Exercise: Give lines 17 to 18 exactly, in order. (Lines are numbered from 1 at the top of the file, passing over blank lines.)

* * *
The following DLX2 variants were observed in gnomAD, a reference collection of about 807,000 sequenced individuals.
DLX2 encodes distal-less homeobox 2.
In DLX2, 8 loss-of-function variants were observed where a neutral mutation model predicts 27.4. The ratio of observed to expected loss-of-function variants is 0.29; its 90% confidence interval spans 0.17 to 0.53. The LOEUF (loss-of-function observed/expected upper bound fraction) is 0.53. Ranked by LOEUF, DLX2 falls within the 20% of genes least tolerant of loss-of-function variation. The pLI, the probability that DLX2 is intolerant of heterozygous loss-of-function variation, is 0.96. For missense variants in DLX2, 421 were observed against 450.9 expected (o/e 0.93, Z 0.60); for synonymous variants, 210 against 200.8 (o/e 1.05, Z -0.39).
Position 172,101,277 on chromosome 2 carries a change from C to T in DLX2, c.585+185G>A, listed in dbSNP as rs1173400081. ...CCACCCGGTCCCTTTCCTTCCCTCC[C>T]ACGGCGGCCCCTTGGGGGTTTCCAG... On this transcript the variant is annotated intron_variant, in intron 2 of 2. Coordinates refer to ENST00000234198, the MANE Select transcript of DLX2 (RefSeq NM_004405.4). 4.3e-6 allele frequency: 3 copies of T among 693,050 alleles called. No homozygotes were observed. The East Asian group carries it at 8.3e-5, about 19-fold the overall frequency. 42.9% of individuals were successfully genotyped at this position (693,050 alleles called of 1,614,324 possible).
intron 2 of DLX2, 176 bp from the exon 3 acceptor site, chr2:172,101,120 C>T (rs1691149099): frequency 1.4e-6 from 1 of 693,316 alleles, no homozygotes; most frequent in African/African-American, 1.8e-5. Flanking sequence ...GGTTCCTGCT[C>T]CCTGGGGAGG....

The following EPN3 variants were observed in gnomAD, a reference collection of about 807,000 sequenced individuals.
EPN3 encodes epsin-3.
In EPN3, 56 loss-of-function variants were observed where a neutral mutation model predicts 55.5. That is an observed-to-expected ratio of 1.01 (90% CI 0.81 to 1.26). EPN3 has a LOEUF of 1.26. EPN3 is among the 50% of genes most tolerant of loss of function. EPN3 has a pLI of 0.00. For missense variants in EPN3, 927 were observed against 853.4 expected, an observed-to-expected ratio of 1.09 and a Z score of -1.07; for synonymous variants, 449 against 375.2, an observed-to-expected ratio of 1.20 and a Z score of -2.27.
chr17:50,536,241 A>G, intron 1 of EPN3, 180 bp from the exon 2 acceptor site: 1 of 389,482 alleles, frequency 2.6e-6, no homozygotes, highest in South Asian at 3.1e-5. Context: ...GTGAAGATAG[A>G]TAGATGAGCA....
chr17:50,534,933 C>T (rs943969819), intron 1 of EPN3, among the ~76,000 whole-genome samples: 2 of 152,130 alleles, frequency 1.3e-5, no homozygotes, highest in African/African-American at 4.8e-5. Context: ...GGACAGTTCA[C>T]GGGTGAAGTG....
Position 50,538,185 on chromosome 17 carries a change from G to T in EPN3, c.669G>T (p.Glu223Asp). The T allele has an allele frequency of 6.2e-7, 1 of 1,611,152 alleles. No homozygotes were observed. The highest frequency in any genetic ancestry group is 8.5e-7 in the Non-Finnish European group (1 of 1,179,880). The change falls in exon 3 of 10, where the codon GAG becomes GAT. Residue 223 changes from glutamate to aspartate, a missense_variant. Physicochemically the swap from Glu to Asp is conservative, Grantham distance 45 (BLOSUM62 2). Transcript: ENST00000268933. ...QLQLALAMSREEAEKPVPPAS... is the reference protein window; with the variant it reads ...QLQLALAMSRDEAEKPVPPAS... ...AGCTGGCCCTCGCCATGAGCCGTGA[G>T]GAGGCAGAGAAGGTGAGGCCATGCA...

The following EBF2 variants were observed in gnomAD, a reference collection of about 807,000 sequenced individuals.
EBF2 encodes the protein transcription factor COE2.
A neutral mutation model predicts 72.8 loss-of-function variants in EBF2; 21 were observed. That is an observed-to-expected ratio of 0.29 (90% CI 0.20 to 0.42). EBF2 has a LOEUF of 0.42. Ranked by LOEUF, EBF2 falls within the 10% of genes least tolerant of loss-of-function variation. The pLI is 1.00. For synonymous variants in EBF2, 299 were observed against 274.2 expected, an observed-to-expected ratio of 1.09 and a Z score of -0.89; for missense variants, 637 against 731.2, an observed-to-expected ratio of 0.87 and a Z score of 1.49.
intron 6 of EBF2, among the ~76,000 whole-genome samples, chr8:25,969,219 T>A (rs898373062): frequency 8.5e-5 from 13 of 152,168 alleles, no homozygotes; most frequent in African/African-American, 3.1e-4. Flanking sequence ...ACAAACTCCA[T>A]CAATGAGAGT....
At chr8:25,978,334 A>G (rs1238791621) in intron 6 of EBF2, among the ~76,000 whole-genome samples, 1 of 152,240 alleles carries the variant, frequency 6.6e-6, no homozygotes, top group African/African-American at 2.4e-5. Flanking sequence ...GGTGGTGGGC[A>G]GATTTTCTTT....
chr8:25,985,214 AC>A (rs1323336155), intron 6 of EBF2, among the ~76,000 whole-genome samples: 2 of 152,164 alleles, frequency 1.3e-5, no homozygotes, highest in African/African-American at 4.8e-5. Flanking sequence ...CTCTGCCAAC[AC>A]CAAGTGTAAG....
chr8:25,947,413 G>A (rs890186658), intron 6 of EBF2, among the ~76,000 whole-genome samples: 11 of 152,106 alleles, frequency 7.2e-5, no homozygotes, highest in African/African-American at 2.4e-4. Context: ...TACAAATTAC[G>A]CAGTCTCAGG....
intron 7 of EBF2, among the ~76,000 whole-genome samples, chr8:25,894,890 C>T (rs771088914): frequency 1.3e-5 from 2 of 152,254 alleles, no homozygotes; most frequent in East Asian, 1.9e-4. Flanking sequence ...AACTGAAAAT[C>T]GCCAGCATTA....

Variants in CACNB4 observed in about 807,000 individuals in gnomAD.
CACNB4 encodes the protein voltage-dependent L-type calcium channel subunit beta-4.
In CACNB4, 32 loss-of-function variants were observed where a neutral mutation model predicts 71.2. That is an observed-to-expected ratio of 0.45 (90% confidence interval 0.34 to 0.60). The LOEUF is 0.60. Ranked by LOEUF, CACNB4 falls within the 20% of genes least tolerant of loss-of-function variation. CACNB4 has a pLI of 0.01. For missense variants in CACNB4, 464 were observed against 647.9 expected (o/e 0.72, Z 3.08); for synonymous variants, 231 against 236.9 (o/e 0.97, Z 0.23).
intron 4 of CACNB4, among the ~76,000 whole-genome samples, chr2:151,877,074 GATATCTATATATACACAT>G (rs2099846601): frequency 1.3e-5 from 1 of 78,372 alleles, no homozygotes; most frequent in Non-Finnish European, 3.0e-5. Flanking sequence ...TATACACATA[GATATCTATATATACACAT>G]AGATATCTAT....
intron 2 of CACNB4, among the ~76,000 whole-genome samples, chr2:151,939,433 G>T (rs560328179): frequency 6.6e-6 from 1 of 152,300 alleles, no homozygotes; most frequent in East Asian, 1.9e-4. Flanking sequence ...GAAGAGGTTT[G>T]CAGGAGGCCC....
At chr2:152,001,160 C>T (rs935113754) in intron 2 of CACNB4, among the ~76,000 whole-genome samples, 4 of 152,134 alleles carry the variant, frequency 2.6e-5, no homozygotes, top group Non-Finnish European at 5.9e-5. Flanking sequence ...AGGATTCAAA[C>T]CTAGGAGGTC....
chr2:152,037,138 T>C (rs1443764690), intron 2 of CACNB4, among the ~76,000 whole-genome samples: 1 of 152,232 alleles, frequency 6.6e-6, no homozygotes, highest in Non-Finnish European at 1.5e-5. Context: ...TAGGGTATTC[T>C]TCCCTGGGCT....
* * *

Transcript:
chr8:25,985,214 AC>A (rs1323336155), intron 6 of EBF2, among the ~76,000 whole-genome samples: 2 of 152,164 alleles, frequency 1.3e-5, no homozygotes, highest in African/African-American at 4.8e-5. Flanking sequence ...CTCTGCCAAC[AC>A]CAAGTGTAAG....
chr8:25,947,413 G>A (rs890186658), intron 6 of EBF2, among the ~76,000 whole-genome samples: 11 of 152,106 alleles, frequency 7.2e-5, no homozygotes, highest in African/African-American at 2.4e-4. Context: ...TACAAATTAC[G>A]CAGTCTCAGG....